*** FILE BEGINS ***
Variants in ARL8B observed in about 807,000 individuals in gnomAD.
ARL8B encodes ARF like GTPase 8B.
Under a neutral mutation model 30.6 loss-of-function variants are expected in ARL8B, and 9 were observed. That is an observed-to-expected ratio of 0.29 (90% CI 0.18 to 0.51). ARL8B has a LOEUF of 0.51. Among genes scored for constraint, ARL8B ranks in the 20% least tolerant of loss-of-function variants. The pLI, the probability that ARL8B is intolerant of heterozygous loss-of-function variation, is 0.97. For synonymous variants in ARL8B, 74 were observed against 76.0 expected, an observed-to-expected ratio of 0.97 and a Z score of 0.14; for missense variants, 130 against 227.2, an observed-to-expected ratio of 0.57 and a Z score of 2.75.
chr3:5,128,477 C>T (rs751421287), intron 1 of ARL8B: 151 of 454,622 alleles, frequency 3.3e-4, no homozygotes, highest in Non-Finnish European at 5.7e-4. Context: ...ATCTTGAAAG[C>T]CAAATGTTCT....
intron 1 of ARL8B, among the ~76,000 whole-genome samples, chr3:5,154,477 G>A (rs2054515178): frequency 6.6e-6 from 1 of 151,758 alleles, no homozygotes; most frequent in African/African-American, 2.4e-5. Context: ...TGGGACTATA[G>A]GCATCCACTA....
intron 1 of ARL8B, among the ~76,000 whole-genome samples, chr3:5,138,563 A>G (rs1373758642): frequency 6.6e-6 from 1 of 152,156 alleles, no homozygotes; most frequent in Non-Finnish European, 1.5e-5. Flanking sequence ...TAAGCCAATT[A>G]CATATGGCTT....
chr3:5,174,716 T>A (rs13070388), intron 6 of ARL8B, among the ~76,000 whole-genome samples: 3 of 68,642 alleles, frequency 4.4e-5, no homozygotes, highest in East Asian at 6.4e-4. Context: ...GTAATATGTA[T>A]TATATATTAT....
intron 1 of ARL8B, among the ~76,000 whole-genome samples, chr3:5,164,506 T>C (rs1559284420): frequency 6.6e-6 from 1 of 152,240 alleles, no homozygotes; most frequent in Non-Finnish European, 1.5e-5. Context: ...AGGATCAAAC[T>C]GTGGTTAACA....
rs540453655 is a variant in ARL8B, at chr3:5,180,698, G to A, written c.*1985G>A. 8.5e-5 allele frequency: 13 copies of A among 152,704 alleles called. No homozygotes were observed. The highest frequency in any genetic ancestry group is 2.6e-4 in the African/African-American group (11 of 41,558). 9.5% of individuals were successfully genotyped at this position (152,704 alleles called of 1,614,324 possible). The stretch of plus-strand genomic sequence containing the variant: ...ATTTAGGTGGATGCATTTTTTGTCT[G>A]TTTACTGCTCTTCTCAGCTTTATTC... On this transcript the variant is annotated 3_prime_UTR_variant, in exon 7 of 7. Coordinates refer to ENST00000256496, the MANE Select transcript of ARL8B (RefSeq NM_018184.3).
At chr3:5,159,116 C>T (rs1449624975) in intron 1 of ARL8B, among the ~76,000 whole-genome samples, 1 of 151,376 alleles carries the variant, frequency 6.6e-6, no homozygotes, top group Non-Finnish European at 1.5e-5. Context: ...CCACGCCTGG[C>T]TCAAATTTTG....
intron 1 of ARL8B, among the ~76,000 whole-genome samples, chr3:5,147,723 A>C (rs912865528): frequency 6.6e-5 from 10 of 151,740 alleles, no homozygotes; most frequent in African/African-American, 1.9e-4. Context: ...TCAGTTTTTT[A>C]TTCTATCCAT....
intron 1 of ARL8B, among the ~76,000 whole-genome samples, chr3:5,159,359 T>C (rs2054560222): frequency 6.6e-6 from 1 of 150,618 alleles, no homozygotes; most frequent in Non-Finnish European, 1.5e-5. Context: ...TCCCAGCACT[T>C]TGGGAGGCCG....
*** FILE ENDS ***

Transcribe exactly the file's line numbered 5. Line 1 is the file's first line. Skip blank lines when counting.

intron 1 of ARL8B, among the ~76,000 whole-genome samples, chr3:5,154,477 G>A (rs2054515178): frequency 6.6e-6 from 1 of 151,758 alleles, no homozygotes; most frequent in African/African-American, 2.4e-5. Context: ...TGGGACTATA[G>A]GCATCCACTA....